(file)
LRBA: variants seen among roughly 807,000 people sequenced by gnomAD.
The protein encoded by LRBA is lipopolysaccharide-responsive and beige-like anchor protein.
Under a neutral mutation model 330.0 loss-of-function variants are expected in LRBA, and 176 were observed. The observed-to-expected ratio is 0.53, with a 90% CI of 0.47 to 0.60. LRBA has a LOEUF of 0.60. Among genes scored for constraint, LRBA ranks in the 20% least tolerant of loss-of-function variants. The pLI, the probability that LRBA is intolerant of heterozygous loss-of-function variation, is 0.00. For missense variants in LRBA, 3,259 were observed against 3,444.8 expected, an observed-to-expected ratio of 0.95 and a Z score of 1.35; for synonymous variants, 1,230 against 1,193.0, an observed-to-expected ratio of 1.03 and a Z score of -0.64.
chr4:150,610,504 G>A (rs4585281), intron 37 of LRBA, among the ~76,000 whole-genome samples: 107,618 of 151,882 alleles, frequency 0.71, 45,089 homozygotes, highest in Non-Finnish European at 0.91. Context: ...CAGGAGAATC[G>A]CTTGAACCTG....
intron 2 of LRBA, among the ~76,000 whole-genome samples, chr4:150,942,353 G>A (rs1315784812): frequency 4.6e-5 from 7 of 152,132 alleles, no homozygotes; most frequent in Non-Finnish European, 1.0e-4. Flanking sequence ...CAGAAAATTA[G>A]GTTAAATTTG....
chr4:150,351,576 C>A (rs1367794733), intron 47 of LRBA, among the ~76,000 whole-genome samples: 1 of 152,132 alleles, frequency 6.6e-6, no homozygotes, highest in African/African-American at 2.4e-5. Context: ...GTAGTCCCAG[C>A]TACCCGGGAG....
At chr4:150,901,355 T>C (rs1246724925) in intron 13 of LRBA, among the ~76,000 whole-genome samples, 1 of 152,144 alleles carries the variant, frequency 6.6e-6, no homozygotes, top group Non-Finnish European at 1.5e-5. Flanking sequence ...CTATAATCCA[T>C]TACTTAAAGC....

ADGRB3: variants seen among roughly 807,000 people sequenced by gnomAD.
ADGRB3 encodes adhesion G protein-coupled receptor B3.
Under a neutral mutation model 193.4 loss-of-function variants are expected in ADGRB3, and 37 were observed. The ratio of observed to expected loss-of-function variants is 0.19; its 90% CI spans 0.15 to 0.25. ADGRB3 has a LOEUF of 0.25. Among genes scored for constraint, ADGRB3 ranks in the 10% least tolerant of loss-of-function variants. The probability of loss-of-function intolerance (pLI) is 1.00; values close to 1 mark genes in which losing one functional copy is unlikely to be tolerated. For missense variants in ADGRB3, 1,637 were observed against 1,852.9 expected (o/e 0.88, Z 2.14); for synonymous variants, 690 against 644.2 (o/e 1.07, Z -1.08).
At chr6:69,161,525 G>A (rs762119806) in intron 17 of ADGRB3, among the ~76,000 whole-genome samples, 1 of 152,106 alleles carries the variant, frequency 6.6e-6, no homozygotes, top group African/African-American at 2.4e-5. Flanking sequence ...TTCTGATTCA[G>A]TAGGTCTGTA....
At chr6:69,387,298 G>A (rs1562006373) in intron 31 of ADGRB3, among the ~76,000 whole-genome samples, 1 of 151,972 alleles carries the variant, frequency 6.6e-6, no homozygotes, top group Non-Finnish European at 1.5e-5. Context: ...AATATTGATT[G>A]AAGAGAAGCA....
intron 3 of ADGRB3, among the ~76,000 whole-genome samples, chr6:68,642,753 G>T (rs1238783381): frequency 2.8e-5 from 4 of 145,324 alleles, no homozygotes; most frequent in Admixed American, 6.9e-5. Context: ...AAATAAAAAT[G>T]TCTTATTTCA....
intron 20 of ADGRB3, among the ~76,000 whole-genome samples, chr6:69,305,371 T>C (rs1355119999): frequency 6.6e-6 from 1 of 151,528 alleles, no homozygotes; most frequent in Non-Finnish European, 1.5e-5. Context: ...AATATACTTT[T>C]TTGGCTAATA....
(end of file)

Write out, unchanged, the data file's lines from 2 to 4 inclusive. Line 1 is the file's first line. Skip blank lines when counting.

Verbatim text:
The protein encoded by LRBA is lipopolysaccharide-responsive and beige-like anchor protein.
Under a neutral mutation model 330.0 loss-of-function variants are expected in LRBA, and 176 were observed. The observed-to-expected ratio is 0.53, with a 90% CI of 0.47 to 0.60. LRBA has a LOEUF of 0.60. Among genes scored for constraint, LRBA ranks in the 20% least tolerant of loss-of-function variants. The pLI, the probability that LRBA is intolerant of heterozygous loss-of-function variation, is 0.00. For missense variants in LRBA, 3,259 were observed against 3,444.8 expected, an observed-to-expected ratio of 0.95 and a Z score of 1.35; for synonymous variants, 1,230 against 1,193.0, an observed-to-expected ratio of 1.03 and a Z score of -0.64.
chr4:150,610,504 G>A (rs4585281), intron 37 of LRBA, among the ~76,000 whole-genome samples: 107,618 of 151,882 alleles, frequency 0.71, 45,089 homozygotes, highest in Non-Finnish European at 0.91. Context: ...CAGGAGAATC[G>A]CTTGAACCTG....